More and more electricity suppliers are responding to the energy crisis with sharp price increases. This can vary greatly across the country. In the new year, however, customers in some places will have to reckon with a doubling.

Price increases from their electricity suppliers have recently fluttered into many households – with sometimes drastic increases. For example, the Cologne-based company Rheinenergie will charge around 55 cents per kilowatt hour for the basic supply from January – 77 percent more than before. Rheinenergie is not an isolated case: “The new year begins with a massive wave of price increases for electricity,” says Thorsten Storck, the energy expert at the comparison portal Verivox. Basic suppliers would now have to gradually pass on the higher market prices to their customers.

Rheinenergie also refers to the high procurement costs, which are increasingly reflected in the company’s long-term purchasing strategy. “Compared to the previous year, the prices on the electricity exchanges have risen by more than 300 percent, at the top they had increased more than tenfold. In addition, the network fees are also increasing,” the company explains the price jump. The extreme increase in gas prices as a result of the Russian war of aggression against Ukraine is considered to be one of the main reasons for the rise in electricity prices. In wholesale trading, the now expensive generation of electricity from gas-fired power plants often determines the price of electricity for all other types of generation.

The comparison portal Check24 has already become aware of more than 580 cases of electricity price increases in the basic supply at the turn of the year. “Around 7.3 million households are affected,” reports the company. The increases amount to an average of 60.5 percent. Verivox comes to an average plus of 54 percent because of a different data basis. “The electricity price increases at the turn of the year are sometimes drastic,” says Udo Sieverding, the energy expert at the consumer advice center in North Rhine-Westphalia.

“Unfortunately, the tariffs for new customers via the brokerage portals are even higher, so that changing providers in most tariff areas does not bring any savings.” This is only likely to change over the next few months. Customers in the basic service therefore currently have no choice. “In the event of price increases, customers outside of the basic service should even consider making use of their special right of termination and falling into the basic service,” advises the consumer advocate. The basic service tariff used to be considered a rather expensive tariff. In some places it is already below the special tariffs of other providers.

The price increases at the beginning of the year vary greatly across Germany. For example, the Stadtwerke in Potsdam (Brandenburg) are increasing prices by around 22 percent to 46.5 cents per kilowatt hour. At MVV Energie in Mannheim (Baden-Württemberg), just under 45 cents are due for the basic supply from January – instead of the previous 27 cents. The East German energy supplier EnviaM (Chemnitz, Saxony) will in future charge 48.1 cents, 20.3 cents more than before. In addition to Cologne, the increase is also hefty in Munich: in the basic supply of the municipal utility, a kilowatt hour will cost 61.9 cents from the New Year. Previously it was 25 cents.

The significant increases at the turn of the year are not the first in the recent past: According to calculations by Check24, a model household with an annual consumption of 5000 kilowatt hours (kWh) paid an average of 29.4 cents per kWh in November 2020. A year later it was 31.6 cents. Currently (November 2022) the average is 42.7 cents.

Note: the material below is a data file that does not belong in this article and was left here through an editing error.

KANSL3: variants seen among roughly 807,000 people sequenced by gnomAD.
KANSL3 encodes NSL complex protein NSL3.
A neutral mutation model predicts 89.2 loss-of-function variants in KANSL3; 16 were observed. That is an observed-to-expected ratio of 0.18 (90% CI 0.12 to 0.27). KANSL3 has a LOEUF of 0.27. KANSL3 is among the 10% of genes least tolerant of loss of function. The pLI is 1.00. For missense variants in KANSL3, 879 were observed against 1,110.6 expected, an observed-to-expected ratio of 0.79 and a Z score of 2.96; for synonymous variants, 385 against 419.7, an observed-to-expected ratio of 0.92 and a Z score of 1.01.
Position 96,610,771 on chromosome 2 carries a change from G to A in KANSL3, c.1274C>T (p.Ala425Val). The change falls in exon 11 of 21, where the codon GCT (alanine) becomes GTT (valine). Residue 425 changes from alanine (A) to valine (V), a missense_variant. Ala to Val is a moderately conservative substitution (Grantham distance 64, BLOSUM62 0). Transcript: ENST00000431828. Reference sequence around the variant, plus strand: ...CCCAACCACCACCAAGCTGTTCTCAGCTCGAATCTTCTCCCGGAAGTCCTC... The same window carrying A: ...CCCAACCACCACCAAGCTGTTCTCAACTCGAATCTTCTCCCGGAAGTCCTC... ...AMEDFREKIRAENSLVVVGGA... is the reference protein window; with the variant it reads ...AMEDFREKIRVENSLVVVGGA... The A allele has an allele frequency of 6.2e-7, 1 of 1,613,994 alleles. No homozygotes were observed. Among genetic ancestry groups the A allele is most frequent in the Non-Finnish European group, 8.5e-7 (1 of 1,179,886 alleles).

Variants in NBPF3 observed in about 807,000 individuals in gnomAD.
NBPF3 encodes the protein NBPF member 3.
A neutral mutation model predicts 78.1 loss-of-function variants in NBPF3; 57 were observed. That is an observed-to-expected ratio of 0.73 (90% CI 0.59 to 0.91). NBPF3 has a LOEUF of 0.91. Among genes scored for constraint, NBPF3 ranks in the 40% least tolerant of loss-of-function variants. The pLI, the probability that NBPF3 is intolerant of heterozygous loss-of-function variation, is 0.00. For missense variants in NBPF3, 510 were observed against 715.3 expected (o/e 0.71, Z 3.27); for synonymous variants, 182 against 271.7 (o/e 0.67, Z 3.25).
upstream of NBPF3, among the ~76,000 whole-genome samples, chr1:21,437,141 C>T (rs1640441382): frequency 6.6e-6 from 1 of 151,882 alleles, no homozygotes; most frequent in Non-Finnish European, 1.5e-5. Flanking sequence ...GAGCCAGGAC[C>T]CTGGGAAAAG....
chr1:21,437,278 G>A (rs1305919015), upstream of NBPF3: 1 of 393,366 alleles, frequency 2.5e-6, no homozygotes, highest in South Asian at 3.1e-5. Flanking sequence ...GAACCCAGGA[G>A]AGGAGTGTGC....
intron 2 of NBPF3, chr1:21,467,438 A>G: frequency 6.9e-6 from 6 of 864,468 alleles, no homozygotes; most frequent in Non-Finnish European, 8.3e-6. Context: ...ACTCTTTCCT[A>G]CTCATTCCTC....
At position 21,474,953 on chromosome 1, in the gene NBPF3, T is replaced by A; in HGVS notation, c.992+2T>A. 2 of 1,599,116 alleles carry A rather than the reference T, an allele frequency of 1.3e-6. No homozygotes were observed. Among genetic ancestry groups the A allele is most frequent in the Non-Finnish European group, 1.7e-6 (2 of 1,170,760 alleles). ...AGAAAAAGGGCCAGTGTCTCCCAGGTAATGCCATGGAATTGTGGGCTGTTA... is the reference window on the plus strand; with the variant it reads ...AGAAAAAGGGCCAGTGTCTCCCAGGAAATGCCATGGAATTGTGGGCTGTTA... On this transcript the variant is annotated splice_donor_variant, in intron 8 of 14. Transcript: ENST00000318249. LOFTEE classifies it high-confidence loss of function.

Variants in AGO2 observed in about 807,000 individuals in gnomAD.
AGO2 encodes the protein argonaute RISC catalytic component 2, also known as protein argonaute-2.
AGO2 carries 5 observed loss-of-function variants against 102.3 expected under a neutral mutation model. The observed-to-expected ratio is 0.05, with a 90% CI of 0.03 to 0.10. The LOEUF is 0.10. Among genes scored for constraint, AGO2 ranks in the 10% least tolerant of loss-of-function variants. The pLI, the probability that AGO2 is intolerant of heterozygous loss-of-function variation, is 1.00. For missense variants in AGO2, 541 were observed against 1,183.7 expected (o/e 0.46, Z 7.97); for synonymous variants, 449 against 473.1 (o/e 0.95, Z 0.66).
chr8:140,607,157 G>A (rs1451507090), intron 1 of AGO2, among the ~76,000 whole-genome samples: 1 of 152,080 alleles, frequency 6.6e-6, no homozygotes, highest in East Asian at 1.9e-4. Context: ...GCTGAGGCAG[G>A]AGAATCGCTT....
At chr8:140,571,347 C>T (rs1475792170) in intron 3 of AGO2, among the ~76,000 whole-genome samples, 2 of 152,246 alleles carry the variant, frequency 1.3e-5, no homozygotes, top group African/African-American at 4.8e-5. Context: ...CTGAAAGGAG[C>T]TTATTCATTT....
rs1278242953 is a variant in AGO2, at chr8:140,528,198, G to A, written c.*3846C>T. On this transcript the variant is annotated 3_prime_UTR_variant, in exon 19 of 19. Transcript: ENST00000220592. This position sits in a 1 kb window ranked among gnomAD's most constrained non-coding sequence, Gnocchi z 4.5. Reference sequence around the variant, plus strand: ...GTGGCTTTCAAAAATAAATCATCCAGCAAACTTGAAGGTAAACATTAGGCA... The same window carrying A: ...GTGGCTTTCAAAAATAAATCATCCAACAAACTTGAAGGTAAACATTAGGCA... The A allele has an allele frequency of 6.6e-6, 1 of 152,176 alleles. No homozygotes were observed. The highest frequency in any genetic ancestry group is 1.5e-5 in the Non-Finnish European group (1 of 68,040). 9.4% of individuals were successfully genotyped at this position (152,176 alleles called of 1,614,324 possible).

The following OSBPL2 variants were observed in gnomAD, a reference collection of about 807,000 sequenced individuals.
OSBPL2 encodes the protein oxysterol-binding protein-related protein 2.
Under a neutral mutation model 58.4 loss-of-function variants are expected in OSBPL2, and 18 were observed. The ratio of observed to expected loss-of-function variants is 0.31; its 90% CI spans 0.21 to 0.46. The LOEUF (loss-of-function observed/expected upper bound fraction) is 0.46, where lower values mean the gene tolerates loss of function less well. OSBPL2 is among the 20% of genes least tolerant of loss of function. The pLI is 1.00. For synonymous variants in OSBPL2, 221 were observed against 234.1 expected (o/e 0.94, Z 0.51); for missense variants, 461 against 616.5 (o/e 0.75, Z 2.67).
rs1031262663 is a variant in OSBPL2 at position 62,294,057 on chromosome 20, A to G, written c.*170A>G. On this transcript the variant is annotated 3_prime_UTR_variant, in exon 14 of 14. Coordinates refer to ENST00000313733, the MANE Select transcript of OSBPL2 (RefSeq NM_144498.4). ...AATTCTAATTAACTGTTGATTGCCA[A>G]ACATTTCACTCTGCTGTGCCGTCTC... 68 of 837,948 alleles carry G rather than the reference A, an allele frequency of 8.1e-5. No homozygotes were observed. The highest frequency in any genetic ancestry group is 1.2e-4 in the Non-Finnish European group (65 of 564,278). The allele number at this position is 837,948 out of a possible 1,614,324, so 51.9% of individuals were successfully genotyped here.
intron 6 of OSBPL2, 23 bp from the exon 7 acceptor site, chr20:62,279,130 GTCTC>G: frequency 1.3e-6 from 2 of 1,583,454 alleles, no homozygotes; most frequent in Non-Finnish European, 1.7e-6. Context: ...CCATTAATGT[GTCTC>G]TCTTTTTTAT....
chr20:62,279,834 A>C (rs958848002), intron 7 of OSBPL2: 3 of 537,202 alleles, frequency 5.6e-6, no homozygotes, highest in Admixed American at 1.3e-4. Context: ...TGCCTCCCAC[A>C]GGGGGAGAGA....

The electricity price brake, which was decided on Friday by the Federal Cabinet, is intended to dampen the burden of high electricity prices. In the case of households and small companies, the price for 80 percent of the previous year’s consumption should be capped at 40 cents per kilowatt hour. If the customer consumes more, he pays the normal contract price. This should give an incentive to save. The suppliers should take the electricity price brake into account in the deductions from March. The brake should then also apply retrospectively to January and February. The bill will now go to parliamentary deliberation.

Consumer advocate Sieverding also fears abuse. “We do not rule out that one or the other company will also use the price brakes to increase more than is absolutely necessary.” There is a ban on misuse in the draft law. “But who should seriously check that? And besides, the providers were able to raise it in January before the law came into force.” And what about electricity prices?

The electricity market expert Mirko Schlossarczyk from the consulting firm Enervis does not assume that electricity prices for households will fall back to the level before the Ukraine war in the coming years. He expects consumer prices in 2023 and 2024 to be well over 40 cents per kilowatt hour gross on average. Even in the years that followed, 40 cents would probably not be undercut, in some cases even 50 cents are possible, he told the German press agency dpa.

“We also see a consistently high price level on the energy trading markets in the long term.” It is true that wholesale electricity prices could also fall more significantly in the future as a result of a prospectively falling gas price level and the increased expansion of renewable energies. However, duties, surcharges, fees and taxes have the noticeably larger share of the end customer price. “We will no longer see 32 cents in the coming years simply because of the currently comparatively high wholesale electricity price level and increases in network charges that have already been announced.”